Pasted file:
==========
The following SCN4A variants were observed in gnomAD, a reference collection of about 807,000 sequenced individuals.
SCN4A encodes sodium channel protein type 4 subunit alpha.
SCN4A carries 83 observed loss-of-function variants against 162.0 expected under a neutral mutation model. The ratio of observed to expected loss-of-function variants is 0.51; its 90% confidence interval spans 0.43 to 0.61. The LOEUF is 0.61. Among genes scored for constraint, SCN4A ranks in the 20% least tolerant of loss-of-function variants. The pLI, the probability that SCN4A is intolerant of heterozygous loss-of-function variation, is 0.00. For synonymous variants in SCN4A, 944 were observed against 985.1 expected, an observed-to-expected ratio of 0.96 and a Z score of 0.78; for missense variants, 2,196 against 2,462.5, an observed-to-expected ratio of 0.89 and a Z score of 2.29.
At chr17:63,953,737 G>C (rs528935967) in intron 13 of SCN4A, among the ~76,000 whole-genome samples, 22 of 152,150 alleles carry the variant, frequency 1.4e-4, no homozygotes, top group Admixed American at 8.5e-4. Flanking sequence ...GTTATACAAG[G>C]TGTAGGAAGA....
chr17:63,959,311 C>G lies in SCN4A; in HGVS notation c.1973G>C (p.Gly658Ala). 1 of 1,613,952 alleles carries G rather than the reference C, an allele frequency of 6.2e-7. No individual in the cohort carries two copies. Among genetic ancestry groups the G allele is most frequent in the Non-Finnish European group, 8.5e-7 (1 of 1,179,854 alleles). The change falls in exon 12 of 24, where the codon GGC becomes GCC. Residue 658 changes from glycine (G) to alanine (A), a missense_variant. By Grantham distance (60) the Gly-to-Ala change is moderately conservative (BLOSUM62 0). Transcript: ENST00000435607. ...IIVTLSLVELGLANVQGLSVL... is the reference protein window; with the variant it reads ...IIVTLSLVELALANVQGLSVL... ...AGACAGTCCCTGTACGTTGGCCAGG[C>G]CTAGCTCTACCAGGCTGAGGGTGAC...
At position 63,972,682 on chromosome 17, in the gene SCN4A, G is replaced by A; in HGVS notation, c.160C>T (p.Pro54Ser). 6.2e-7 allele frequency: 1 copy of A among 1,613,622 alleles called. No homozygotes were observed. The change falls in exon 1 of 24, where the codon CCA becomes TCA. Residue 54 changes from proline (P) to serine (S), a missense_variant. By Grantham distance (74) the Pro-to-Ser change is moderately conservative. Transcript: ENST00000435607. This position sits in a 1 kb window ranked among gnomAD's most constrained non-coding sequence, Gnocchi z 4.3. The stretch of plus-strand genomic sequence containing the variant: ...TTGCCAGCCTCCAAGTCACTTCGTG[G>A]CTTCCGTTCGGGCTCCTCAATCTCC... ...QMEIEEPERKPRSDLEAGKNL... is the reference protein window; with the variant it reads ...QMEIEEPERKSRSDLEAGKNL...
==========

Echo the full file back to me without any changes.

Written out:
The following SCN4A variants were observed in gnomAD, a reference collection of about 807,000 sequenced individuals.
SCN4A encodes sodium channel protein type 4 subunit alpha.
SCN4A carries 83 observed loss-of-function variants against 162.0 expected under a neutral mutation model. The ratio of observed to expected loss-of-function variants is 0.51; its 90% confidence interval spans 0.43 to 0.61. The LOEUF is 0.61. Among genes scored for constraint, SCN4A ranks in the 20% least tolerant of loss-of-function variants. The pLI, the probability that SCN4A is intolerant of heterozygous loss-of-function variation, is 0.00. For synonymous variants in SCN4A, 944 were observed against 985.1 expected, an observed-to-expected ratio of 0.96 and a Z score of 0.78; for missense variants, 2,196 against 2,462.5, an observed-to-expected ratio of 0.89 and a Z score of 2.29.
At chr17:63,953,737 G>C (rs528935967) in intron 13 of SCN4A, among the ~76,000 whole-genome samples, 22 of 152,150 alleles carry the variant, frequency 1.4e-4, no homozygotes, top group Admixed American at 8.5e-4. Flanking sequence ...GTTATACAAG[G>C]TGTAGGAAGA....
chr17:63,959,311 C>G lies in SCN4A; in HGVS notation c.1973G>C (p.Gly658Ala). 1 of 1,613,952 alleles carries G rather than the reference C, an allele frequency of 6.2e-7. No individual in the cohort carries two copies. Among genetic ancestry groups the G allele is most frequent in the Non-Finnish European group, 8.5e-7 (1 of 1,179,854 alleles). The change falls in exon 12 of 24, where the codon GGC becomes GCC. Residue 658 changes from glycine (G) to alanine (A), a missense_variant. By Grantham distance (60) the Gly-to-Ala change is moderately conservative (BLOSUM62 0). Transcript: ENST00000435607. ...IIVTLSLVELGLANVQGLSVL... is the reference protein window; with the variant it reads ...IIVTLSLVELALANVQGLSVL... ...AGACAGTCCCTGTACGTTGGCCAGG[C>G]CTAGCTCTACCAGGCTGAGGGTGAC...
At position 63,972,682 on chromosome 17, in the gene SCN4A, G is replaced by A; in HGVS notation, c.160C>T (p.Pro54Ser). 6.2e-7 allele frequency: 1 copy of A among 1,613,622 alleles called. No homozygotes were observed. The change falls in exon 1 of 24, where the codon CCA becomes TCA. Residue 54 changes from proline (P) to serine (S), a missense_variant. By Grantham distance (74) the Pro-to-Ser change is moderately conservative. Transcript: ENST00000435607. This position sits in a 1 kb window ranked among gnomAD's most constrained non-coding sequence, Gnocchi z 4.3. The stretch of plus-strand genomic sequence containing the variant: ...TTGCCAGCCTCCAAGTCACTTCGTG[G>A]CTTCCGTTCGGGCTCCTCAATCTCC... ...QMEIEEPERKPRSDLEAGKNL... is the reference protein window; with the variant it reads ...QMEIEEPERKSRSDLEAGKNL...